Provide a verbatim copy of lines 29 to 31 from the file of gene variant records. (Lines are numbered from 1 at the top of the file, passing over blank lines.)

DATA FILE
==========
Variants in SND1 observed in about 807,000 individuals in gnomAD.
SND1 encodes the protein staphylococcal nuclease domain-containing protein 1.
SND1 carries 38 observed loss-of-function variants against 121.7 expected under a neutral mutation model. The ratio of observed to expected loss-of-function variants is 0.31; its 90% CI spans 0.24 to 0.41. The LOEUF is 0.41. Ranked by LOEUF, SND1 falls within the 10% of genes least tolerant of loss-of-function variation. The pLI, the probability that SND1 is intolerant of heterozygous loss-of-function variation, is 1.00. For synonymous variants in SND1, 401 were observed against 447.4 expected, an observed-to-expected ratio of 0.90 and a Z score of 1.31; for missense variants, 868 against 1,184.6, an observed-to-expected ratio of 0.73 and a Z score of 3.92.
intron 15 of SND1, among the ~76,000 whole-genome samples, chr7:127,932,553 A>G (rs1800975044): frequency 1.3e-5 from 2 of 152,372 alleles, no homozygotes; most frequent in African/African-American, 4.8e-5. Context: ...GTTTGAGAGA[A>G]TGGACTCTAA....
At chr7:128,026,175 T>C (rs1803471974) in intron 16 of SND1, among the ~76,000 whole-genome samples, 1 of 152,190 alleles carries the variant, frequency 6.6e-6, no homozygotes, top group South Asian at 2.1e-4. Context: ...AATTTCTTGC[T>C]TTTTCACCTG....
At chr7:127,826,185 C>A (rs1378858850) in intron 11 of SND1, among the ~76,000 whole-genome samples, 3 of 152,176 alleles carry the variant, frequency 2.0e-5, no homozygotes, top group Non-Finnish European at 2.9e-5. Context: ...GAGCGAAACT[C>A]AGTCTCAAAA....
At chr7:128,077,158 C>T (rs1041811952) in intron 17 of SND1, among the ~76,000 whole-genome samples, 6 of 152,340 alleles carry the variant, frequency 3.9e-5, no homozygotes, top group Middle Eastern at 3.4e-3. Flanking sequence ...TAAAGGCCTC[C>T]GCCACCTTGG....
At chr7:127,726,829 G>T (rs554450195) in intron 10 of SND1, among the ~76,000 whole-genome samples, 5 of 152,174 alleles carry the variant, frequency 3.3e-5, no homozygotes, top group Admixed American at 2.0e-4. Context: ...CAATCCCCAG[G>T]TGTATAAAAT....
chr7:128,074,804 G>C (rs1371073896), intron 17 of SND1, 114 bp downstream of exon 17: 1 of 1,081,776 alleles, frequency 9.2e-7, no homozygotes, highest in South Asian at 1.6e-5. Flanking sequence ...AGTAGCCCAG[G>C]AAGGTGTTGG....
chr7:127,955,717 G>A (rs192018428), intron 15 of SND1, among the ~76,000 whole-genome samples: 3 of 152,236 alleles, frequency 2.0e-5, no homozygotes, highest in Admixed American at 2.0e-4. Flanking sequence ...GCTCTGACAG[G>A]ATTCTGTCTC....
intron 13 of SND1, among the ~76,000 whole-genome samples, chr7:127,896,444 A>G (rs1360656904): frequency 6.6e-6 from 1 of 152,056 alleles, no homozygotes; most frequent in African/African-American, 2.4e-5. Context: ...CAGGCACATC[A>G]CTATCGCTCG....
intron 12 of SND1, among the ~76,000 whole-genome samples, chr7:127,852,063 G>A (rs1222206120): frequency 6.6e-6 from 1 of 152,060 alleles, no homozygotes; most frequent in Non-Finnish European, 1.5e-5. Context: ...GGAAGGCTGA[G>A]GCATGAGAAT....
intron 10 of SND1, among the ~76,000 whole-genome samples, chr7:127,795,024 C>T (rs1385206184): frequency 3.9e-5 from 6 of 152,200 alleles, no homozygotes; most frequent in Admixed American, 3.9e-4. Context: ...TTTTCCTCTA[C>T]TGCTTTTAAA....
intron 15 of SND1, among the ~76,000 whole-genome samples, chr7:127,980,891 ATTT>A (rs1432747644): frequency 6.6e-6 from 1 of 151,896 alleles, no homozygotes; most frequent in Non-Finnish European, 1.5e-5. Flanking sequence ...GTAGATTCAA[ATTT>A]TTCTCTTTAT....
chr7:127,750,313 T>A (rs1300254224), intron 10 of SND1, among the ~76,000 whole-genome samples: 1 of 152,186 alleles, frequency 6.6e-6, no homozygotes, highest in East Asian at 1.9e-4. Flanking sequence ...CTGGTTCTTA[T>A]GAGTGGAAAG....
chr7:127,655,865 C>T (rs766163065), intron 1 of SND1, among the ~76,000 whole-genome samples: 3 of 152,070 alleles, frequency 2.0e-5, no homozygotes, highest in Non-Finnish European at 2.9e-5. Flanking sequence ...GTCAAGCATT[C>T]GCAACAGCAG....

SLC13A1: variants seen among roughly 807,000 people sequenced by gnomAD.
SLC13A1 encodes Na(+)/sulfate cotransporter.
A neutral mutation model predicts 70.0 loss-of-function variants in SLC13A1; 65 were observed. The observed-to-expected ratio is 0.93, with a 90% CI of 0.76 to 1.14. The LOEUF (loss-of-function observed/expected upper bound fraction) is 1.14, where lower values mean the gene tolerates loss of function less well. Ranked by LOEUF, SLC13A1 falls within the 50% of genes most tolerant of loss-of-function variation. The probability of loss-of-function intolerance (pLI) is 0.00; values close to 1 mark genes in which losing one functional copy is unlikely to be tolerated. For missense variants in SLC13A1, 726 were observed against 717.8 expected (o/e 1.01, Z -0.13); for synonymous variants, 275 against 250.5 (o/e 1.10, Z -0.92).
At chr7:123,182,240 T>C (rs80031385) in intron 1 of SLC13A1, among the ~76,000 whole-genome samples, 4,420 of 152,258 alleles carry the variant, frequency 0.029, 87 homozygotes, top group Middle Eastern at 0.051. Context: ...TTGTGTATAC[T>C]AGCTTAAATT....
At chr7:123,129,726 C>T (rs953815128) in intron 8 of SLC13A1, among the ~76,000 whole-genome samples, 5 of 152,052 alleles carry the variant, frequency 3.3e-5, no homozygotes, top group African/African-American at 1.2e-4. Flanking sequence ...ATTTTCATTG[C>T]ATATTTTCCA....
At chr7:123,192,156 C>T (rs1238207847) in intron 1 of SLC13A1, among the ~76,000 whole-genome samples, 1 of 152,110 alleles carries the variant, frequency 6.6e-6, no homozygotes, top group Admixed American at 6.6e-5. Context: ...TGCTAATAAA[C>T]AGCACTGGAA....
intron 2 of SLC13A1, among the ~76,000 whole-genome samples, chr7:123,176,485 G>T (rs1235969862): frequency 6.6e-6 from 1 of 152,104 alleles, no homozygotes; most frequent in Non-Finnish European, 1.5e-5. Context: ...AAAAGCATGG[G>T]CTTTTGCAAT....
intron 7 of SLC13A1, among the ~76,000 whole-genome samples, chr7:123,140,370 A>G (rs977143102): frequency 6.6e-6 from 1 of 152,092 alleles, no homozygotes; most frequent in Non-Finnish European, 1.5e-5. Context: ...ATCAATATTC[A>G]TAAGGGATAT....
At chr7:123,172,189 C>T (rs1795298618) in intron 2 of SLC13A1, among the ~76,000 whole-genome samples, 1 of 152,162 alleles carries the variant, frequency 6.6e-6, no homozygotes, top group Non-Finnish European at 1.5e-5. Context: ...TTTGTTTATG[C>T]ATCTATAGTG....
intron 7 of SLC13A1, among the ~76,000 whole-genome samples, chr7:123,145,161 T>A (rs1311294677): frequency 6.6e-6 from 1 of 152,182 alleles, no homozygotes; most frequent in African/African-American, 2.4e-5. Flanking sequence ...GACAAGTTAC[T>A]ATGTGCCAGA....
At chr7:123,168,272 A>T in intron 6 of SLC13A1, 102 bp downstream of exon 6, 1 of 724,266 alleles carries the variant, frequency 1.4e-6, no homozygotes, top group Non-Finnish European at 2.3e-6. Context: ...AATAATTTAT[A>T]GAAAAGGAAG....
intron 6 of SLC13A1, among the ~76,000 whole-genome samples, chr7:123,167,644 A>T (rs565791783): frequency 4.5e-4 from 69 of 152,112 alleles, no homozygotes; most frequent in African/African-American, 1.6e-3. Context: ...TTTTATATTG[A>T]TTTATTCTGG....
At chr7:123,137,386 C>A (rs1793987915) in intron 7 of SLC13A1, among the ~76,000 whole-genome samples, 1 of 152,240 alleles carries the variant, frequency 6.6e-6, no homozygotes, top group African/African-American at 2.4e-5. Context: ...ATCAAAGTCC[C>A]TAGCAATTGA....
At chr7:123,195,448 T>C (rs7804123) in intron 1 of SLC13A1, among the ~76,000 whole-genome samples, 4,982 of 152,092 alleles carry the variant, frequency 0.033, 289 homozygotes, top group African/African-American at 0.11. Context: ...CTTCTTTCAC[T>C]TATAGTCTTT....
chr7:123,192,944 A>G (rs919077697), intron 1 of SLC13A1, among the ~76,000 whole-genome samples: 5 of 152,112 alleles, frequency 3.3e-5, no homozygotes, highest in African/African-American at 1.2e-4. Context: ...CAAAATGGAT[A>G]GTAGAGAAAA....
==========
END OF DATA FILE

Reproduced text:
At chr7:123,137,386 C>A (rs1793987915) in intron 7 of SLC13A1, among the ~76,000 whole-genome samples, 1 of 152,240 alleles carries the variant, frequency 6.6e-6, no homozygotes, top group African/African-American at 2.4e-5. Context: ...ATCAAAGTCC[C>A]TAGCAATTGA....
At chr7:123,195,448 T>C (rs7804123) in intron 1 of SLC13A1, among the ~76,000 whole-genome samples, 4,982 of 152,092 alleles carry the variant, frequency 0.033, 289 homozygotes, top group African/African-American at 0.11. Context: ...CTTCTTTCAC[T>C]TATAGTCTTT....
chr7:123,192,944 A>G (rs919077697), intron 1 of SLC13A1, among the ~76,000 whole-genome samples: 5 of 152,112 alleles, frequency 3.3e-5, no homozygotes, highest in African/African-American at 1.2e-4. Context: ...CAAAATGGAT[A>G]GTAGAGAAAA....